A LITTLE over three years ago Mike Ingall from Allied London, the developer behind Spinningfields, rushed into the office.
The half chicken at £9.95 was good again, worth a rend and a tear, the flesh moist not dry. The fries that came with it were dandy.
He was carrying an architectural model.
"What do you think of this?" he said.
"That's an oast house," I said.
"It is and I'm going to build it in Spinningfields," he said.
"Really, but oast houses aren't really very Lancashire. They're from Kent," I said.
But Mike Ingall had that look in his eye. He was a developer. He was not to be denied.
Oast (to rhyme with coast) houses are where hops, which flavour beer, are dried. You can only grow hops properly in the southern counties of England, hence my Kent comment.
So when it turned out the operator of Ingall's dream was going to be Living Ventures, well-known for beautiful boys and girls twizzling cocktails and juggling fizz-bomb lagers, it was disconcerting.
"It might be a fake oast house but you'll have to serve real ale," I said. "Otherwise the whole project will be utterly ridiculous."
And lo! For the first time since Living Ventures started seeding 'lifestyle' bars across the North West and the rest of the country, they went against their own glamorous grain and turned to ale.
Two months after opening Confidential enquired and found ale was out selling lagers at least two to one in the Oast House. It might have been three to one, I've forgotten.
We were smug.
Gordo and I popped in on a recent Friday for food but first delighted in a pint of Loweswater Gold, one of four real ales in the Oast House (along with over forty bottled beers).
Loweswater Gold is 4.3%, brewed in Cumbria, and is a refreshing, golden, almost citrusy ale that each time I drink makes me feel more intelligent.
This time, because I'd become more intelligent, I took a picture through the glass to demonstrate how wonderfully clear the brew is. The beer is beautifully kept by Living Ventures' brew meister Warren McCoubrey.
The kitchen at the Oast House is open to the elements and stands apart from the main building. It is a thing of fire so if it's hot it's barbequed. Gordo ordered a cold platter first and then we had the lamb burger and the half chicken with corn on the cob as a side.
The floaty Scotch eggs and the Coronation Chicken were easily the best things on the platter (£9.75), which otherwise was functional rather than inspirational. Still, it got the meal off to a fulsome start and stopped me looking at everything through my pint glass.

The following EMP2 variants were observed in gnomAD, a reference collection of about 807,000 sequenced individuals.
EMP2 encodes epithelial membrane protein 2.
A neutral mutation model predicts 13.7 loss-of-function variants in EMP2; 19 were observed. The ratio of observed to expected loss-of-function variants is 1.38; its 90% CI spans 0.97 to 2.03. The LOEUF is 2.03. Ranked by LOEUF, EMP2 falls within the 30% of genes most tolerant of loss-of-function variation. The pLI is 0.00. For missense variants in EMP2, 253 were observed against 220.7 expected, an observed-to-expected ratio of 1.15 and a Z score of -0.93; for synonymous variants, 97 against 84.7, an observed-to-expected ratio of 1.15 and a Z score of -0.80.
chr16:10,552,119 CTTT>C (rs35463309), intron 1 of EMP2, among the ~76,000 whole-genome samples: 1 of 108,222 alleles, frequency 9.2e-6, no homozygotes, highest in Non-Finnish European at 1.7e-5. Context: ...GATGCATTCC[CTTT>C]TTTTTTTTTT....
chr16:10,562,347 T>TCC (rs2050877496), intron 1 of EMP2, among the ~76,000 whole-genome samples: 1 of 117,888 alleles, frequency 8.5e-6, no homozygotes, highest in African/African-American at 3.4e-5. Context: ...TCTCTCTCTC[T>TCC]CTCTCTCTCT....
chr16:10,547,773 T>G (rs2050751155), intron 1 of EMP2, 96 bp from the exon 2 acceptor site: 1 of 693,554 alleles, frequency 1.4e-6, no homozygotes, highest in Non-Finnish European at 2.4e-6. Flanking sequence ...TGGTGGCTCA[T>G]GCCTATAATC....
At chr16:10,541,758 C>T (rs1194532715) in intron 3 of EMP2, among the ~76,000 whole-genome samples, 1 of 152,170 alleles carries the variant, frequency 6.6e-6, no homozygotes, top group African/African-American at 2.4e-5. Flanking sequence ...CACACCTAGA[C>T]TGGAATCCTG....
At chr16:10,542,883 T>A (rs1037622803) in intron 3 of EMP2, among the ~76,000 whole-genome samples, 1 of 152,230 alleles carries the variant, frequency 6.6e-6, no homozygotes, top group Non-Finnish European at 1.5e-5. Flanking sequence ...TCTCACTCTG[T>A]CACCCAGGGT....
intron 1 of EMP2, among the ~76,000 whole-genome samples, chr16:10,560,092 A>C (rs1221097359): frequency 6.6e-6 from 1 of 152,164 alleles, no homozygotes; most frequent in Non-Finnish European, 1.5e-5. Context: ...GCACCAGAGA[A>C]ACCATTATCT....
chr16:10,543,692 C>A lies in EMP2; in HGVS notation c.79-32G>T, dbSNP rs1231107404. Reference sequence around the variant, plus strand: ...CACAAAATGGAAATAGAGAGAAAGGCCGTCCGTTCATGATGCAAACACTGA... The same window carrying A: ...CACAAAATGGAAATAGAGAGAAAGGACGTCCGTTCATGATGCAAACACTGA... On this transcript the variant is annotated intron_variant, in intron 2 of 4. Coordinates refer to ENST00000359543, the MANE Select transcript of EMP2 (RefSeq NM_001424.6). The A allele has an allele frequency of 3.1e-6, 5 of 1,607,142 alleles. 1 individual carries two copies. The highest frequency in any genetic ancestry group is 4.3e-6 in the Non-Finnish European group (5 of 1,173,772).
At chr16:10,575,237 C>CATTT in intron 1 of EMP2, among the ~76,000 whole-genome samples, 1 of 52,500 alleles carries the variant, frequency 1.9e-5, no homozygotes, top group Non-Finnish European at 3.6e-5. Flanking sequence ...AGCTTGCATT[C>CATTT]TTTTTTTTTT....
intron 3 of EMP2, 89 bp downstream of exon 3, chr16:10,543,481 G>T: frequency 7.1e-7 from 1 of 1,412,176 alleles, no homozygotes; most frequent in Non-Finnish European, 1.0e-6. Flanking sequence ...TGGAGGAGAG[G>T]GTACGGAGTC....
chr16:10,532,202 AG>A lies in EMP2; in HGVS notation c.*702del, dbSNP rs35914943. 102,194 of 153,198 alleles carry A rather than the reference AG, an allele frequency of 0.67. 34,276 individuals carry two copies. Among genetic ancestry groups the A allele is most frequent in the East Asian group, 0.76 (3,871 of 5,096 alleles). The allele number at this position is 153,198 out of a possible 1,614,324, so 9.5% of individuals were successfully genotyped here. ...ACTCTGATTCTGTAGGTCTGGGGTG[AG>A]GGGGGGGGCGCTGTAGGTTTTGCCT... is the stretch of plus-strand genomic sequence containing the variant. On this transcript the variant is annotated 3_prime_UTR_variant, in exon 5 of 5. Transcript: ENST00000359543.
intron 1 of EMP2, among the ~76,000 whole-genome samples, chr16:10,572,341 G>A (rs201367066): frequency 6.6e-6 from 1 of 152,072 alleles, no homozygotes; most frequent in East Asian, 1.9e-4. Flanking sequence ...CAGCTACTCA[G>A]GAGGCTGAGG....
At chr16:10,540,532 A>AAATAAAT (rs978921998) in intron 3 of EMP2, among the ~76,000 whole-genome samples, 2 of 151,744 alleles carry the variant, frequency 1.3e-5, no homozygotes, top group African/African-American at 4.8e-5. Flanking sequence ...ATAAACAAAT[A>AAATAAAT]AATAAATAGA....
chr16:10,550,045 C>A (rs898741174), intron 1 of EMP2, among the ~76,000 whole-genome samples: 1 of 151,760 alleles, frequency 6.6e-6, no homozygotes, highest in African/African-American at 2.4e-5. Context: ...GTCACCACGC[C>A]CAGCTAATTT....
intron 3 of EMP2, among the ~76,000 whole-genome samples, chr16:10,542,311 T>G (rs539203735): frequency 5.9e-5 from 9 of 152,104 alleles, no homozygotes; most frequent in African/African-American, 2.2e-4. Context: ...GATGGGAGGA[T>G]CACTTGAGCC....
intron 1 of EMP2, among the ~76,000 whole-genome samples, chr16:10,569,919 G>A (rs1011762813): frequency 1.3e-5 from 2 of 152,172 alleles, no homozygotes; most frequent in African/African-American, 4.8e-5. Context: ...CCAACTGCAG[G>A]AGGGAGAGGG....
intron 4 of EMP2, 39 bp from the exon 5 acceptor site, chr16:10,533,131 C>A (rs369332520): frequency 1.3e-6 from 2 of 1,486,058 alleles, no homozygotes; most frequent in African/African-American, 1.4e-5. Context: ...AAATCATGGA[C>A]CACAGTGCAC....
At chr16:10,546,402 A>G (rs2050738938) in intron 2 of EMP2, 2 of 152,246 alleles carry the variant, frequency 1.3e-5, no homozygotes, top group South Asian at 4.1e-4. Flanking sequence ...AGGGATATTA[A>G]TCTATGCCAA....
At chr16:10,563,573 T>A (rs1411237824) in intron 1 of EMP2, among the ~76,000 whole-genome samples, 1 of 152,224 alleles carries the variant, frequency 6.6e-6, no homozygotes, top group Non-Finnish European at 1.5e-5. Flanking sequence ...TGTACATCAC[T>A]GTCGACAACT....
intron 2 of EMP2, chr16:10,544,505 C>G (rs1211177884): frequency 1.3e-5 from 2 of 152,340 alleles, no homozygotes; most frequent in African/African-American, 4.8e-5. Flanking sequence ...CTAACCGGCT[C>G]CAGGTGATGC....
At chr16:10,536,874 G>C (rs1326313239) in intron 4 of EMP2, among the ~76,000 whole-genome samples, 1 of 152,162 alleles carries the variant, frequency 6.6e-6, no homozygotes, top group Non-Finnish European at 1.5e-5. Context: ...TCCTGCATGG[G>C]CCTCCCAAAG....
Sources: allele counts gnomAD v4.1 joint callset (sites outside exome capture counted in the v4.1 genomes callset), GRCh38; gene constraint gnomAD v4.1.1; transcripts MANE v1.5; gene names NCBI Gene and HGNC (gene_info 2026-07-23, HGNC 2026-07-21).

The corn on cob pieces were beautifully barbequed, juicy and satisfying all round. Love these. They've been a staple at the Oast House since it opened.
The half chicken at £9.95 was good again, worth a rend and a tear, the flesh moist not dry. The fries that accompanied it were dandy. The 'hot piri piri' sauce that came with it was useless, not hot and tasting soapy. Re-write that recipe someone.
Gordo's lamb burger was fine but a tad overdone.
Of course the Oast House 'thing' is 'the hanging kebab'. A recent sampling of a dripping beef number (£12.95) hanging from its hook like the world's biggest meat earring was as jolly as ever. Gimmick food, but entirely full of flavour too. A veggie told me they adore the halloumi version.
Keeping the fun theme going, for puddings there's a strawberry and marshmallow kebab (£4.95) or a whipped ice cream in a cone, amongst other dishes. The latter at £1.30 comes with a sauce of your choice and is a good value way to finish off the meal for those with a sweet tooth.
On my recent visit I went for another Loweswater Gold instead. Who needs dessert when there's nectar available behind the bar?
The Oast House is a fine place for harmless scran, decent drinks and people watching. It's not a destination place for an evening meal, nor does it pretend to be. The food is for most punters probably a side-show to the chat and the booze - although the menu could do with a refreshing for the regular punter, it doesn't seem to have changed for a year or two.
The Oast House isn't bad for lunch though, especially office folk, the food comes quickly and isn't budget busting. In warm weather it's very pleasant on that vast terrace. On weekends there's usually an act on stage out there.
Inside, the bric-a-brac rustic decor can become gruesomely hot with all the bodies, but if middle of the road live music is your thing then there's plenty of that on weekends nights.
So has Ingall's vision worked? In terms of footfall his collaboration with Living Ventures has completely triumphed. This is an easy-going place that attracts punters to it like bees to honey - indeed bees, Manchester bees, the symbol of the city, are all over the Oast House, on the menu and in the decoration.
Of course, I've had architectural purists raise their eyebrows about the building.
The Oast House is a joke building. Fakery. Just like the Trafford Centre, it's a blast of Disney. But instead of all the ersatz, pastiche, chicanery melting your eyeballs as it does after a while in the Trafford Centre, the Oast House is an island of silliness adrift in an area of sober offices and public buildings. Like a jestor pulling a daft face amongst the straight-faced courtiers, it's a welcome relief.
ALL OUR SCORED FOOD REVIEWS ARE IMPARTIAL AND PAID FOR BY MANCHESTER CONFIDENTIAL. REVIEW VISITS ARE UNANNOUNCED AND COMPLETELY INDEPENDENT OF ANY COMMERICAL RELATIONSHIP.
Food: 6.5/10 (Platter 6, corn 7.5, chicken 6.5, burger 6, kebab 7)